Nonetheless, there are people injured in the Great White North and there are negligent acts that need to be addressed and the only people around to do the heavy lifting are lawyers, as satisfying as it might be to sic a biker on someone who hurt you. But just to be clear, lawyers don’t bring lawsuits; their injured clients do. Journalists don’t make news; they report it. Columnists on the other hand….
And while it’s amusing to poke fun at frivolous lawsuits – most of which seem to emanate from the USA, e.g., granny and the, surprise, hot coffee from McDonalds – the fact is, we all benefit in ways we tend to take for granted.
If you’ve ever walked away from a head-on car crash, you probably escaped on the backs of those who didn’t. Not many years ago, if you ran into something with enough speed behind you, there was a good chance your steering column would impale you like a medieval lance, right through the heart. Auto companies didn’t design collapsible steering columns and padded steering wheels because they wanted to be nice. Governments didn’t force them to stop killing people in that particular way. Lawsuits did.
When I was younger, kids not infrequently ended up in burn wards or morgues when their pajamas got too close to open flames, like the ones on candles and fireplaces. If your children’s PJs don’t flare up like flash paper, thank a lawyer. Someone’s kid whose PJs did sued the pants off a manufacturer and spent the rest of their lives grieving.
Does your kettle turn off when it runs dry or tips over? Are there seatbelts in your car? Are your prescription drugs safe? Is your workplace safe? Does your food not make you sick? Thank a lawyer, grudgingly if it makes you feel better, but thank one anyway.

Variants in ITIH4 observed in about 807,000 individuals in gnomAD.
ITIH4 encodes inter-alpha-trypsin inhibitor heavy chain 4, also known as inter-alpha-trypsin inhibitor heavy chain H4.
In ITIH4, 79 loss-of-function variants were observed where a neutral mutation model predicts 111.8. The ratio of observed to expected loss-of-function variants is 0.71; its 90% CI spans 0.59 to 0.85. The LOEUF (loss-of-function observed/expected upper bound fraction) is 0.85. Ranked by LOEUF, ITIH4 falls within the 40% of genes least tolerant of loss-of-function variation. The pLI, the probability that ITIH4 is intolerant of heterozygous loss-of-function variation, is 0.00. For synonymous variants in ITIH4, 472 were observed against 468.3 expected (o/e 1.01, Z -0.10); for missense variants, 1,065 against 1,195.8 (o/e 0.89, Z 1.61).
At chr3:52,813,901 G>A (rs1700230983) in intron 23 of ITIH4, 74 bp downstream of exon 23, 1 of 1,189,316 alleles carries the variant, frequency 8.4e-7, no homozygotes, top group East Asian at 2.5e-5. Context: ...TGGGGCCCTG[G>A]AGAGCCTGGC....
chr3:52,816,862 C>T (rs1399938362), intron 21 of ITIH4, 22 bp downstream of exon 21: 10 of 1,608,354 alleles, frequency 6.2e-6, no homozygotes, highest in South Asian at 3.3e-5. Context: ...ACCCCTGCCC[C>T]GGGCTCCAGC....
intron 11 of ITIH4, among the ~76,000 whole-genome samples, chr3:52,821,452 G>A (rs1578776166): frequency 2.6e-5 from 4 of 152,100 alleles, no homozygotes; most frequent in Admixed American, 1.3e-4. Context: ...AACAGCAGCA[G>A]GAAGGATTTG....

There are people in town pissed off at the latest mayoral fous because a client of hers sued Golden Search & Rescue when his calls for help went unheeded and his wife eventually died of exposure. The case grinds on and may eventually be decided by people who will hear the whole story, unlike anyone who’s already made up their mind.
But by simply having launched the suit, all B.C. SAR groups have benefited because the provincial government stepped up to provide a liability backstop for them, something they should have done a long time ago, given SAR performs a quasi-governmental function on a volunteer basis. That’s a pretty big bonus to rescuers and directors who were facing potentially personal liability, often without even knowing it.
There are people in town pissed off over the suit a client brought against WORCA. But because of that suit, WORCA discovered they were being defrauded by their insurance broker and were running without any liability insurance. That left the directors of WORCA personally liable for damages to anyone injured or, at a minimum, legal fees to defend a claim of negligence leading to injury. When the fraud was uncovered, the same ambulance chaser talked it over with her client and they agreed to drop the suit; neither wanted to go after the directors personally. Oh yeah, and WORCA’s paying a lot more attention to safety these days. What a terrible outcome.
Until people and businesses and governments step up and voluntarily accept responsibility for their negligent acts – inadvertent though they may be – that wind up injuring other people, we’ll need to have lawyers to do the suing for us. If it’s ever been you who’s been the injured party, you understand. For those of you who haven’t, lucky you. If you ever are, the first thing you’ll discover is the other side probably has a lawyer and if you ever want to get anywhere, you’d better get the best one you can find. Our new mayoral fous is one of the best.
But she’s also a strong supporter of this community, having sat on council a total of 12 years and been instrumental in launching and nurturing the Community Foundation of Whistler. And she’s helped any number of people I know in this town get compensated when someone else was responsible for the injuries they received.
So we can make fun of lawyers – Q: What’s black and brown and looks good on a lawyer? A: A Doberman. – and we can even call them ambulance chasers if it makes us feel better about what we do for a living. But compared to, oh, say teaching people to ski steeps, I’ll take the new fous’ accomplishments any day.